Chitta, the basic consciousness, is largely subconscient; it has, open and hidden, two kinds of action, one passive or receptive, the other active or reactive and formative. As a passive power it receives all impacts, even those of which the mind is unaware or to which it is inattentive, and it stores them in an immense reserve of passive subconscient memory on which the mind as an active memory can draw. But ordinarily the mind draws only what it had observed and understood at the time, -- more easily what it had observed well and understood carefully, less easily what it had observed carelessly or ill understood; at the same time there is a power in consciousness to send up to the active mind for use what that mind had not at all observed or attended to or even consciously experienced. This power only acts observably in abnormal conditions, when some part of the subconscious chitta comes as it were to the surface or when the subliminal being in us appears on the threshold and for a time plays some part in the outer chamber of mentality where the direct intercourse and commerce with the external world takes place and our inner dealings with ourselves develop on the surface. This action of memory is so fundamental to the entire mental action that it is sometimes said, memory is the man. Even in the submental action of the body and life, which is full of this subconscient chitta, though not under the control of the conscious mind, there is a vital and physical memory. The vital and physical habits are largely formed by this submental memory. For this reason they can be changed to an indefinite extent by a more powerful action of conscious mind and will, when that can be developed and can find means to communicate to the subconscient chitta the will of the spirit for a new law of vital and physical action. Even, the whole constitution of our life and body may be described as a bundle of habits formed by the past evolution in Nature and held together by the persistent memory of this secret consciousness. For chitta, the primary stuff of consciousness, is like Prana and body universal in Nature, but is subconscient and mechanical in nature of Matter.

But in fact all action of the mind or inner instrument arises out of this chitta or basic consciousness, partly conscient, partly subconscient or subliminal to our active mentality. When it is struck by the world's impacts from outside or urged by the reflective powers of the subjective inner being, it throws up certain habitual activities, the mould of which has been determined by our evolution. One of these forms of activity is the emotional mind, -- the heart, as we may call it for the sake of a convenient brevity. Our emotions are the waves of reaction and response which rise up from the basic consciousness, citta-vrtti. Their action too is largely regulated by habit and an emotive memory. They are not imperative, not laws of Necessity; there is no really binding law of our emotional being to which we must submit without remedy; we are not obliged to give responses of grief to certain impacts upon the mind, responses of anger to others, to yet others responses of hatred or dislike, to others responses of liking or love. All these things are only habits of our affective mentality; they can be changed by the conscious will of the spirit; they can be inhibited; we may even rise entirely above all subjection to grief, anger, hatred, the duality of liking and disliking. We are subject to these things only so long as we persist in subjection to the mechanical action of the chitta in the emotive mentality, a thing difficult to get rid of because of the power of past habit and especially the importunate insistence of the vital part of mentality, the nervous life-mind or psychic Prana. This nature of the emotive mind as a reaction of chitta with a certain close dependence upon the nervous life sensations and the responses of the psychic Prana is so characteristic that in some languages it is called Chitta and Prana, the heart, the life soul; it is indeed the most directly agitating and powerfully insistent action of the desire-soul which the immixture of vital desire and responsive consciousness has created in us. And yet the true emotive soul, the real psyche in us, is not a desire-soul, but a soul of pure love and delight; but that, like the rest of our true being, can only emerge when the deformation created by the life of desire is removed from the surface and is no longer the characteristic action of our being. To get that done is a necessary part of our purification, liberation, perfection.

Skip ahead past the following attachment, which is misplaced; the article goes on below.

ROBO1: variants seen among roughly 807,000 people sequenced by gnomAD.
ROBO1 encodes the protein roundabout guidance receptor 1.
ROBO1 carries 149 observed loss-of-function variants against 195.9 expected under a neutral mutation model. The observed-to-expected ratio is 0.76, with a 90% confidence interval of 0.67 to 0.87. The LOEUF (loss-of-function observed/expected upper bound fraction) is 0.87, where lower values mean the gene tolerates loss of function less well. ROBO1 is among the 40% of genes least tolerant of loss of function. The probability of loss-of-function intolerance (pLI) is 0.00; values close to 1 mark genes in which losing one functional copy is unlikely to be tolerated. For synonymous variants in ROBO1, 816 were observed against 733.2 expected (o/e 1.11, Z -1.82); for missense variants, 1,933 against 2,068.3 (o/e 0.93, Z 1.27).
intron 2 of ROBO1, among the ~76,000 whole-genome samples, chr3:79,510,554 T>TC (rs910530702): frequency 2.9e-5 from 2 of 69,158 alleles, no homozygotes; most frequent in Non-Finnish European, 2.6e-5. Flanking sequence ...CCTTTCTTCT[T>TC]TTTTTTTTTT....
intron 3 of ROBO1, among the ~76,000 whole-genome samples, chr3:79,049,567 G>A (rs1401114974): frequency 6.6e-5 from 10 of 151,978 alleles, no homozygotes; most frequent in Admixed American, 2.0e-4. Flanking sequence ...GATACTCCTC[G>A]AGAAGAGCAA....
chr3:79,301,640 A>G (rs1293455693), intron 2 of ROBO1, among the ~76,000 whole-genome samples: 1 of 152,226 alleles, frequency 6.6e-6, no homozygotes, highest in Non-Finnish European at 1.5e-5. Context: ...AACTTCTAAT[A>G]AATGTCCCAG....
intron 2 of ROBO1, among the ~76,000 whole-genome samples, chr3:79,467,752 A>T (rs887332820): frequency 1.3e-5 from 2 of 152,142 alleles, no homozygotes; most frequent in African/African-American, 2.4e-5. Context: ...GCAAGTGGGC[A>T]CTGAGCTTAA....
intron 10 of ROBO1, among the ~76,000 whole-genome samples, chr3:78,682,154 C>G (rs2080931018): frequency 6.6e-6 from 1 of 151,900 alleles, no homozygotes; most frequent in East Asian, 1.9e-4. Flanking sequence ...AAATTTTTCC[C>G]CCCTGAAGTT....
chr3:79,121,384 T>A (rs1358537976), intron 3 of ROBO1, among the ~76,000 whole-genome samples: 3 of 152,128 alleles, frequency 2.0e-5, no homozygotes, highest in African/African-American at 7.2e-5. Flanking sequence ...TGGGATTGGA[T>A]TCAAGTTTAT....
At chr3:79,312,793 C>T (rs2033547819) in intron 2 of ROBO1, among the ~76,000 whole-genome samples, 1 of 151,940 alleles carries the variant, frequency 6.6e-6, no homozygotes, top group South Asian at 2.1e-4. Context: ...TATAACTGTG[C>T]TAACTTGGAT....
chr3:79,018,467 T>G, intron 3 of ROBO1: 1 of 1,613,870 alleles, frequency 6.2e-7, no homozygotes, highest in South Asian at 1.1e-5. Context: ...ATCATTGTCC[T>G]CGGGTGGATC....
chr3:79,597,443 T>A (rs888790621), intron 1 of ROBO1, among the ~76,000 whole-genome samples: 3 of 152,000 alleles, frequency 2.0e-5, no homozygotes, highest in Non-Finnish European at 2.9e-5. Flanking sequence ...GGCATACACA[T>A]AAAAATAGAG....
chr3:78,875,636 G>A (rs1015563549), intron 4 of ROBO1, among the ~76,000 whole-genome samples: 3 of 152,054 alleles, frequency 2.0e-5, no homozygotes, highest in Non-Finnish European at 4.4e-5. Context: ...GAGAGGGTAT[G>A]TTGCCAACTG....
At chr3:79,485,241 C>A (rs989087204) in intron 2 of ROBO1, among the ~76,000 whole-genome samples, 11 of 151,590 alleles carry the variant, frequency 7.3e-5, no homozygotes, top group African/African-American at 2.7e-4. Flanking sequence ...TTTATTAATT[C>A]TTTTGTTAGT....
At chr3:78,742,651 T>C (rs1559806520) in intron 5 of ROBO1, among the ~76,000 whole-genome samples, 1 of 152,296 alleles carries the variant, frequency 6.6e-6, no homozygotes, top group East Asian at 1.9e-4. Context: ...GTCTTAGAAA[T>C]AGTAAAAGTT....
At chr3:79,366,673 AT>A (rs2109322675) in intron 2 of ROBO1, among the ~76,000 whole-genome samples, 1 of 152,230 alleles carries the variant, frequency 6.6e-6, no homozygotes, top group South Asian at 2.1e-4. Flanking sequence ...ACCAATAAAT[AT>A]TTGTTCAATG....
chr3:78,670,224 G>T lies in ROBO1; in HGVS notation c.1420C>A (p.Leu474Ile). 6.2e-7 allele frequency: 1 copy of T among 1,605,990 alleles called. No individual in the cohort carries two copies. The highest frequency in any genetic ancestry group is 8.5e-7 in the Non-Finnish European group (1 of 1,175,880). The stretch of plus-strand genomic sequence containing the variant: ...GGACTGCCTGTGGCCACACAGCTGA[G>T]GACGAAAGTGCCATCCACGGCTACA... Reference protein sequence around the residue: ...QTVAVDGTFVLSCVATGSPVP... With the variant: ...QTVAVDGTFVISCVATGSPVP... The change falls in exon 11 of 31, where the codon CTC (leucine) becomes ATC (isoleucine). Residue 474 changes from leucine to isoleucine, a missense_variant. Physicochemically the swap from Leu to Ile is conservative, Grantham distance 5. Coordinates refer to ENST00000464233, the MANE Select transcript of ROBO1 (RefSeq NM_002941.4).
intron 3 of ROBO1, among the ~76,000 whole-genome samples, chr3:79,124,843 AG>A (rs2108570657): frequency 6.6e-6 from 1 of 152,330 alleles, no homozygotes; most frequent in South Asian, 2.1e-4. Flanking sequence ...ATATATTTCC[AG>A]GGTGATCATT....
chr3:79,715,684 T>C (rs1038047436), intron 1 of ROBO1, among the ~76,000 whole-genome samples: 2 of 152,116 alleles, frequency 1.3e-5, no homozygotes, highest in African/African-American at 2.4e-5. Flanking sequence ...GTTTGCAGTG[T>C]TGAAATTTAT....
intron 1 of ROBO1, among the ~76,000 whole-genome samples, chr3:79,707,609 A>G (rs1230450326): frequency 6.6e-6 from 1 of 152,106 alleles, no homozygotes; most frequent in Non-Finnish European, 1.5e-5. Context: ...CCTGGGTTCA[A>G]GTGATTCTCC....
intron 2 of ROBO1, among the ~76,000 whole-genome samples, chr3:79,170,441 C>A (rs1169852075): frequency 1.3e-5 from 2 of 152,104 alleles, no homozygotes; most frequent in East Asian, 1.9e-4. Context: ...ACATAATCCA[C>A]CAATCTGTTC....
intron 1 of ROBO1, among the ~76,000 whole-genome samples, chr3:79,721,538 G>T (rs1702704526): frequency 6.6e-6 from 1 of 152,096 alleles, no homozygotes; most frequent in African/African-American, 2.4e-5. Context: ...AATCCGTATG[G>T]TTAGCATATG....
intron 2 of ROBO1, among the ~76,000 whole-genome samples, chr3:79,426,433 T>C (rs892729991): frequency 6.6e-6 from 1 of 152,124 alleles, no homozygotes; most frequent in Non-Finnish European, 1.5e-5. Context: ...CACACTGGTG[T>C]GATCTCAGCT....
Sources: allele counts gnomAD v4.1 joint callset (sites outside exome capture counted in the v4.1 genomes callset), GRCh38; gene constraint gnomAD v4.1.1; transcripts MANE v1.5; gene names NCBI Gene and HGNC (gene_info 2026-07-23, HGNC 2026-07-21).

The nervous action of the psychic prana is most obvious in our purely sensational mentality. This nervous mentality pursues indeed all the action of the inner instrument and seems often to form the greater part of things other than sensation. The emotions are especially assailed and have the pranic stamp; fear is even more of a nervous sensation than an emotion, anger is largely or often a sensational response translated into terms of emotion. Other feelings are more of the heart, more inward, but they ally themselves to the nervous and physical longings or outward-going impulses of the psychic Prana. Love is an emotion of the heart and may be a pure feeling, -- all mentality, since we are embodied minds, must produce, even thought produces, some kind of life effect and some response in the stuff of body, but they need not for that reason be of a physical nature, -- but the heart's love allies itself readily with a vital desire in the body. This physical element may be purified of that subjection to physical desire which is called lust, it may become love using the body for a physical as well as a mental and spiritual nearness; but love may, too, separate itself from all, even the most innocent physical element, or from all but a shadow of it, and be a pure movement to union of soul with soul, psyche with psyche. Still the proper action of the sensational mind is not emotion, but conscious nervous response and nervous feeling and affection, impulse of the use of physical sense and body for some action, conscious vital craving and desire. There is a side of receptive response, a side of dynamic reaction. These things get their proper normal use when the higher mind is not mechanically subject to them, but controls and regulates their action. But a still higher state is when they undergo a certain transformation by the conscious will of the spirit which gives its right and no longer its wrong or desire form of characteristic action to the psychic prana.